Just posted to papylist:
I write with some updates concerning the DDbDP and PN.
First, we are most pleased to welcome Mark Depauw to the Editorial Boards of the DDbDP and HGV; and it is also our great pleasure to welcome W. Graham Claytor as Assistant Editor of the DDbDP. Both will be great assets to the team.
The latest release features a number of improvements to the PN search and display, many of which you will have seen already; these include line numbers in search returns and enhanced tabular display of search/browse hits. We look forward to releasing vastly improved and significantly redesigned search functionality in the coming weeks. You may also have noticed that we are starting to change the look of the search interface; we are in process of tightening the integration of the navigator and editor and bits of the new appearance are already showing.
Frequent users of SoSOL/Papyrological Editor will be happy to know that we now offer syntax for multiple alternate readings, e.g. <:στρατ[ηγὸς]||alt||στρατ[ηλάτης]|στρατ[ηγήσαντα]:>. The editor also offers enhanced display controls for introductory and line-by-line commentary: bold, italics, underline, footnotes, embedded links to PN (DDbDP/HGV/APIS) and any other website; in the next couple months we shall also support controlled linking to bibliography.
We have also very nearly finished entering CPR 25, CPR 30, P.Heid. 9, O. Stras. 2, and O.Abu Mina; the bugs that we encountered with P.Köln have now been fixed, so that we hope to move quickly to finish those volumes as well. We have also begun entering P.Count and continue (slowly) to enter SB 26. There is much to do, but since rolling out the new system we have entered well over 2000 texts. Joyous thanks to the many and good-spirited contributors who do this work without any pay and in service to our field.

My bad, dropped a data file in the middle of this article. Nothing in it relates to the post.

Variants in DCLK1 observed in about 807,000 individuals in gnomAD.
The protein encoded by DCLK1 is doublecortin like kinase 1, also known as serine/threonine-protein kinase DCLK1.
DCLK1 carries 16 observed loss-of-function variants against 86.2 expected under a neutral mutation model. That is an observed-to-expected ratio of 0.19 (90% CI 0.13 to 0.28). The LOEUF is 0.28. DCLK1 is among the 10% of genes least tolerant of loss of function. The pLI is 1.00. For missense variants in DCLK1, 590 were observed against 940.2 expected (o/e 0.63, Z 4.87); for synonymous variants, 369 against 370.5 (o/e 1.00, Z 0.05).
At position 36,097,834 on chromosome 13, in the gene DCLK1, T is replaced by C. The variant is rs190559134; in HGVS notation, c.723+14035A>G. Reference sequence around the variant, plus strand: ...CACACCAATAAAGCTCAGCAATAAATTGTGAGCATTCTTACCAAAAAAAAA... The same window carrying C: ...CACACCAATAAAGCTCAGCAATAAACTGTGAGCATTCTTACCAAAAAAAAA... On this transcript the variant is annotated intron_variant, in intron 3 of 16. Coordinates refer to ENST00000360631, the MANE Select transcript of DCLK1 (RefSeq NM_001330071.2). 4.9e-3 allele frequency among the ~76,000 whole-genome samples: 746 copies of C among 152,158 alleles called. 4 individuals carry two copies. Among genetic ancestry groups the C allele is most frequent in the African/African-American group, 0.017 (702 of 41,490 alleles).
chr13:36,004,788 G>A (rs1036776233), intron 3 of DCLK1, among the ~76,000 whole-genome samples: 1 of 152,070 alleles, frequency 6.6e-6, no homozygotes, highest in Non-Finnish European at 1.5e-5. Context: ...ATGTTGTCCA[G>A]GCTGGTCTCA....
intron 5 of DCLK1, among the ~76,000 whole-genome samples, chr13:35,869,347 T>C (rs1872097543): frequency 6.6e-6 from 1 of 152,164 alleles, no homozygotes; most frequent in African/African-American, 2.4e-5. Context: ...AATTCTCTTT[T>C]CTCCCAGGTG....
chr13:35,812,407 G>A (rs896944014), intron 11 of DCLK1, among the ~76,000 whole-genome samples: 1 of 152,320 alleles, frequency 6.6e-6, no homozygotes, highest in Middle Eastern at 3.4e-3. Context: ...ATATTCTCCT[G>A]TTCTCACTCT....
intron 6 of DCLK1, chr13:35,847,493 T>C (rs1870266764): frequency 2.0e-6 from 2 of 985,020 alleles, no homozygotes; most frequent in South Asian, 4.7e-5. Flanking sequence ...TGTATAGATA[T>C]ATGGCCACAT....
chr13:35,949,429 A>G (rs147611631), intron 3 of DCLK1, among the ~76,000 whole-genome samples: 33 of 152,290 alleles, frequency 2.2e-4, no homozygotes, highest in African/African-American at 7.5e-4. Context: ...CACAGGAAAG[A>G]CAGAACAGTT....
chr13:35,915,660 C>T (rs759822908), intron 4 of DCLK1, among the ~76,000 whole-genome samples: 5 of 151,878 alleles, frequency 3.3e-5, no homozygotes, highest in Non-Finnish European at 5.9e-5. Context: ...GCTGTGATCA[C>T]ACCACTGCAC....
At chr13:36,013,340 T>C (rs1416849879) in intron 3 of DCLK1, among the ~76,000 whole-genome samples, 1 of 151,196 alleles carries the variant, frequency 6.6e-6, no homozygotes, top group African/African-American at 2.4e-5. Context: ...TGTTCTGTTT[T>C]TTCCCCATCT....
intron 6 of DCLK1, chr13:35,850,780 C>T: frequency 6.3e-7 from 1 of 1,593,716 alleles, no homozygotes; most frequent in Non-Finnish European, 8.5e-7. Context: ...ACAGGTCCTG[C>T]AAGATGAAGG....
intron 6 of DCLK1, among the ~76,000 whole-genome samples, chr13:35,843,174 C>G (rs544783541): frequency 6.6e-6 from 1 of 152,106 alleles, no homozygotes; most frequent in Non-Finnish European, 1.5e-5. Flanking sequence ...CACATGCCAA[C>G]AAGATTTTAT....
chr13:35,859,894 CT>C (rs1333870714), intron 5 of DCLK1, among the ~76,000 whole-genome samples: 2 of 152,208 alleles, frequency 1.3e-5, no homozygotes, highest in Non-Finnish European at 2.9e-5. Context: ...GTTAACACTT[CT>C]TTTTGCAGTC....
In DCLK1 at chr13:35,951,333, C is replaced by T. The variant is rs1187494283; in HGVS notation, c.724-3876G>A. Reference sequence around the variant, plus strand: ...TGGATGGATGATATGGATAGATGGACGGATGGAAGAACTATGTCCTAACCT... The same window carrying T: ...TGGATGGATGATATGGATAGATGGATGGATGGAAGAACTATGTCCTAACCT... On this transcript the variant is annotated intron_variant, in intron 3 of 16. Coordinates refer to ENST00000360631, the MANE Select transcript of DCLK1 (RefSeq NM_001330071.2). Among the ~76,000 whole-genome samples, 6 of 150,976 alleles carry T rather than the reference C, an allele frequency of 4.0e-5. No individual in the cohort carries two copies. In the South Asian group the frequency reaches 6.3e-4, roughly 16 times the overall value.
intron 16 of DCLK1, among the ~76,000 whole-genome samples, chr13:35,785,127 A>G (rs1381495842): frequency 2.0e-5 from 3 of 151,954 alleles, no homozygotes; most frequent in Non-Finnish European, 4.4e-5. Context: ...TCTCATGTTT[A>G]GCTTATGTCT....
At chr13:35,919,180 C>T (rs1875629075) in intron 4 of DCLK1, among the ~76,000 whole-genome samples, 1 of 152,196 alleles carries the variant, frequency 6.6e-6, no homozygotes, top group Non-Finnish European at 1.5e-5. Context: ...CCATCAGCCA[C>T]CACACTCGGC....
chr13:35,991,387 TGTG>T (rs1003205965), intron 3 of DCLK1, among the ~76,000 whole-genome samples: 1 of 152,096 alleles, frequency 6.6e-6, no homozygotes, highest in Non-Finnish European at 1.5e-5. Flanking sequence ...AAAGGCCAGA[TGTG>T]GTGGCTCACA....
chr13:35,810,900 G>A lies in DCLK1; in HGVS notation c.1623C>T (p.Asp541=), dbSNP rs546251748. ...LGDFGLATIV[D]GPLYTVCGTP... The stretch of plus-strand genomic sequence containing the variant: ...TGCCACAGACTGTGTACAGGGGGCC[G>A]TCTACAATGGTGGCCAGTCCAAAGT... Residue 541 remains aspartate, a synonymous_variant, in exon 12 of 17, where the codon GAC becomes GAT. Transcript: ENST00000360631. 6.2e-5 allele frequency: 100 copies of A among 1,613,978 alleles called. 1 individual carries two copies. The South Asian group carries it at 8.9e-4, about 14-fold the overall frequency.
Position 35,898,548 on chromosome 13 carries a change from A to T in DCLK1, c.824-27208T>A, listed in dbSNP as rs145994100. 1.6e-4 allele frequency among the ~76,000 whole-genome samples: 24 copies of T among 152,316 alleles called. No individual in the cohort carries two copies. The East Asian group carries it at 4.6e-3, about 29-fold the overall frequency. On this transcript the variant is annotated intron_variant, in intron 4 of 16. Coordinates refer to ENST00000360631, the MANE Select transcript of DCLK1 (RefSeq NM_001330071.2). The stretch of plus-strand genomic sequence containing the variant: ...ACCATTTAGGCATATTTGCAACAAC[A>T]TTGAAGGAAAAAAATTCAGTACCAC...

I also want to alert the community to a development currently under way, whose fruits you will start to see in the DDbDP. It has long been DDbDP practice to place orthographically/grammatically normalized forms, and even outright *corrected* forms, in the text and the ancient reading in the apparatus, e.g. TEXT: ἀνωμολογήσαντο, APP: ανομολογησαντο. This is of course not in keeping with papyrological convention and we have heard (loud and clear) over the years that colleagues would like to see this practice ‘flipped’.
We have begun that process. This means putting accents, breathing marks, and capitalization (and in many many cases Leiden mark-up, including line-breaks) in the appropriate places in the original reading; on 70,000 unique strings (more than 90,000 cases). This is, as you might imagine, a big job and we can neither convert every single case nor verify autoptically every case that we can convert. This cannot be done by hand on any reasonable timeframe or budget. But thanks to generous assistance from the TLG and some excellent programming work done at the Department of Digital Humanities King’s College London, we now can convert over 75% of these cases to a fairly high degree of accuracy. For example, we can take the original reading as it currently stands, αροστοι, collate it against the regularized reading, ἄρρωστοι, and produce ἄροστοι, which we will soon display in the text (and “read ἄρρωστοι” in the app).